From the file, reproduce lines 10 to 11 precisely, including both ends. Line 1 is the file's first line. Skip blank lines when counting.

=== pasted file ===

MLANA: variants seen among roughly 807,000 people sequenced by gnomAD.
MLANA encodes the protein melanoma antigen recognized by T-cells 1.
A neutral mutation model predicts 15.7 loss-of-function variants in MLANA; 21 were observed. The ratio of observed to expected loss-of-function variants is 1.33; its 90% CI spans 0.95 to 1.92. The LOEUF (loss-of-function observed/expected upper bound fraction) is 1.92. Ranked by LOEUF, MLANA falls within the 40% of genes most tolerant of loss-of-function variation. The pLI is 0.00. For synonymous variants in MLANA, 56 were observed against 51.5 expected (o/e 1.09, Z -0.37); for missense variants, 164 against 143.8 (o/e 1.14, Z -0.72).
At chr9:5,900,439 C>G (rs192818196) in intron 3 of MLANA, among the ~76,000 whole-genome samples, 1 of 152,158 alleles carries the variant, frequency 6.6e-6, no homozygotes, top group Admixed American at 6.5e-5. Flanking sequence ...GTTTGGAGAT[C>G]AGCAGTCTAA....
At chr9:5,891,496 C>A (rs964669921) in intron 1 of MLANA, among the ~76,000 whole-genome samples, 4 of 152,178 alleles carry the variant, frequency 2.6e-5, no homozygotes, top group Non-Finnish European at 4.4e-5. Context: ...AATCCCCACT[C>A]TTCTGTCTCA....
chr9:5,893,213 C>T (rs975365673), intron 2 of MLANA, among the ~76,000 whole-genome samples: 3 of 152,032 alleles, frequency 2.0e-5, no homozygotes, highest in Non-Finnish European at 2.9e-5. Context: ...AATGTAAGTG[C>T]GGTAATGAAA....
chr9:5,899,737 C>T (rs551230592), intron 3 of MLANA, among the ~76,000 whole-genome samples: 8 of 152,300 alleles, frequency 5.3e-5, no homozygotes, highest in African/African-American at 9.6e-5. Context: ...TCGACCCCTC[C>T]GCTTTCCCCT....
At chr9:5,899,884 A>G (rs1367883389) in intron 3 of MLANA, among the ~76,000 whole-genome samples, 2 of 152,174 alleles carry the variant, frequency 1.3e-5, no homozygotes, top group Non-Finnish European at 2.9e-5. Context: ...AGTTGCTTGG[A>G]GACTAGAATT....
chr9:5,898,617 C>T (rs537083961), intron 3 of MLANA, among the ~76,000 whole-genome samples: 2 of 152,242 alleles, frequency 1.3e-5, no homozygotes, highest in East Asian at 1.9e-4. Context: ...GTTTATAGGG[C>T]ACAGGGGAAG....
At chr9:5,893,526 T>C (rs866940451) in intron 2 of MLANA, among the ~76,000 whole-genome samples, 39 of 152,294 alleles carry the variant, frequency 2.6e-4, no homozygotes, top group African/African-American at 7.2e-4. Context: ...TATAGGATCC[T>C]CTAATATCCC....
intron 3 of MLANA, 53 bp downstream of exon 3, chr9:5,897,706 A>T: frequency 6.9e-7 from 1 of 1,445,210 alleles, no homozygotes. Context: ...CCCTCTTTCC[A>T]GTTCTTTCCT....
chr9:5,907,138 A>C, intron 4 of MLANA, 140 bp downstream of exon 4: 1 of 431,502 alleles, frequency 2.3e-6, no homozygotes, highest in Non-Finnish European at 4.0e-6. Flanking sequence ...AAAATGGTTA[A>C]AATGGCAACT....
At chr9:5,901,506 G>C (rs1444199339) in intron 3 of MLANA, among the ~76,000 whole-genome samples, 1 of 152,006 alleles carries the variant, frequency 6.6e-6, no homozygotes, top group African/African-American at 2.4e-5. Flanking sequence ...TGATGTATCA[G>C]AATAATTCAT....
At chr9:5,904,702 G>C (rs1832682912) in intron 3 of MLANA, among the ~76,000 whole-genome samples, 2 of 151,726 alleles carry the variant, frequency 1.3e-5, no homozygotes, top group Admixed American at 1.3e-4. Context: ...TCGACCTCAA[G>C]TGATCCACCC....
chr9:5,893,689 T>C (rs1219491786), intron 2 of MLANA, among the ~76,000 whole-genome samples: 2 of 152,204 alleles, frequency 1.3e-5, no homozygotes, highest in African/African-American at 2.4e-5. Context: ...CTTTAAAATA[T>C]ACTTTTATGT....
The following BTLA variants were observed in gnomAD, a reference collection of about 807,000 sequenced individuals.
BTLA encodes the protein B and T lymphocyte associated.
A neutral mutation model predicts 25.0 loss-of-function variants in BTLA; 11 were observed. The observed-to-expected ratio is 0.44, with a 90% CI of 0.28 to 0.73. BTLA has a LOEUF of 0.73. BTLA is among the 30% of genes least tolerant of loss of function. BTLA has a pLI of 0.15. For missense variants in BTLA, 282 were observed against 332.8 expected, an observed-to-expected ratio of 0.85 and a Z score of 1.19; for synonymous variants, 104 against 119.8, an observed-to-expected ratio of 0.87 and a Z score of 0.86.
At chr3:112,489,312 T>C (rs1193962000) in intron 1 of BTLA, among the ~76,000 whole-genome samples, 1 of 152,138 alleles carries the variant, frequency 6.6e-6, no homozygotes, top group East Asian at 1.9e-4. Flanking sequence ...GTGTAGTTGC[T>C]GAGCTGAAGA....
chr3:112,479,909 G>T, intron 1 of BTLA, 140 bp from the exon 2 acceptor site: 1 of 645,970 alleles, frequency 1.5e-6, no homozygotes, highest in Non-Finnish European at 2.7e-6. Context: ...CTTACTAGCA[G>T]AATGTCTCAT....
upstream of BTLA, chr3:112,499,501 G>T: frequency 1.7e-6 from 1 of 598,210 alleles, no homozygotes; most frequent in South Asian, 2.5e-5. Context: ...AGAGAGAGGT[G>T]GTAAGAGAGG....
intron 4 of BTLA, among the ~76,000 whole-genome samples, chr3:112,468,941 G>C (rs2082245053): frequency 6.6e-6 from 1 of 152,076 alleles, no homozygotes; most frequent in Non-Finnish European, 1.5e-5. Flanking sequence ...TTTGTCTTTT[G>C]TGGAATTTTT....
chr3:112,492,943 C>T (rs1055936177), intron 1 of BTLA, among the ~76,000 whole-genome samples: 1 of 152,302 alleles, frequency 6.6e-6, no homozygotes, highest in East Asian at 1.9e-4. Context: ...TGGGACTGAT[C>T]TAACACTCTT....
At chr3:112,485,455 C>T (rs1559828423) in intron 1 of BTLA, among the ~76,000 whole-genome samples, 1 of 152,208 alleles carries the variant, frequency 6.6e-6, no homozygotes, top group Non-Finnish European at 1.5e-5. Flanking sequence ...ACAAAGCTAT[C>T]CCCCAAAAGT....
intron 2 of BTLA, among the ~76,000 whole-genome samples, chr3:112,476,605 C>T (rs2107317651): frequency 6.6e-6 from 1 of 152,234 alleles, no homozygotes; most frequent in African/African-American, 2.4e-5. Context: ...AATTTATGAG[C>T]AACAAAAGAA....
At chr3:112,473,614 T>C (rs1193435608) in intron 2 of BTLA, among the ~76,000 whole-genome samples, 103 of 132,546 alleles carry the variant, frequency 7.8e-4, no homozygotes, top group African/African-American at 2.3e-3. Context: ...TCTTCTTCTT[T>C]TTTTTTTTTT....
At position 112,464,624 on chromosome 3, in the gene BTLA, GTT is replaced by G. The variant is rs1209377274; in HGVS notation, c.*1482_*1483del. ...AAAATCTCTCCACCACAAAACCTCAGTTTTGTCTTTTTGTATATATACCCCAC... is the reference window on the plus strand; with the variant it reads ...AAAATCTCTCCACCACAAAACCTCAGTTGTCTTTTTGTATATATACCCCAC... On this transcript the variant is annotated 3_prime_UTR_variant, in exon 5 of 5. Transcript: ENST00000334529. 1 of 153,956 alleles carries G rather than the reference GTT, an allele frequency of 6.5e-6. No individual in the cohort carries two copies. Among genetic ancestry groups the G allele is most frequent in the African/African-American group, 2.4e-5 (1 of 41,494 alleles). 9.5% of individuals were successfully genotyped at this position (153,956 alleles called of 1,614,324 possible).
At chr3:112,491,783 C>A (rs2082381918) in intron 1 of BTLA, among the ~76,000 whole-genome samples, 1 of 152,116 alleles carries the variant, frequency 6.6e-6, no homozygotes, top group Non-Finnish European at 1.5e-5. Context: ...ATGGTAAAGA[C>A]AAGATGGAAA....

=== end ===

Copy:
At chr9:5,893,526 T>C (rs866940451) in intron 2 of MLANA, among the ~76,000 whole-genome samples, 39 of 152,294 alleles carry the variant, frequency 2.6e-4, no homozygotes, top group African/African-American at 7.2e-4. Context: ...TATAGGATCC[T>C]CTAATATCCC....
intron 3 of MLANA, 53 bp downstream of exon 3, chr9:5,897,706 A>T: frequency 6.9e-7 from 1 of 1,445,210 alleles, no homozygotes. Context: ...CCCTCTTTCC[A>T]GTTCTTTCCT....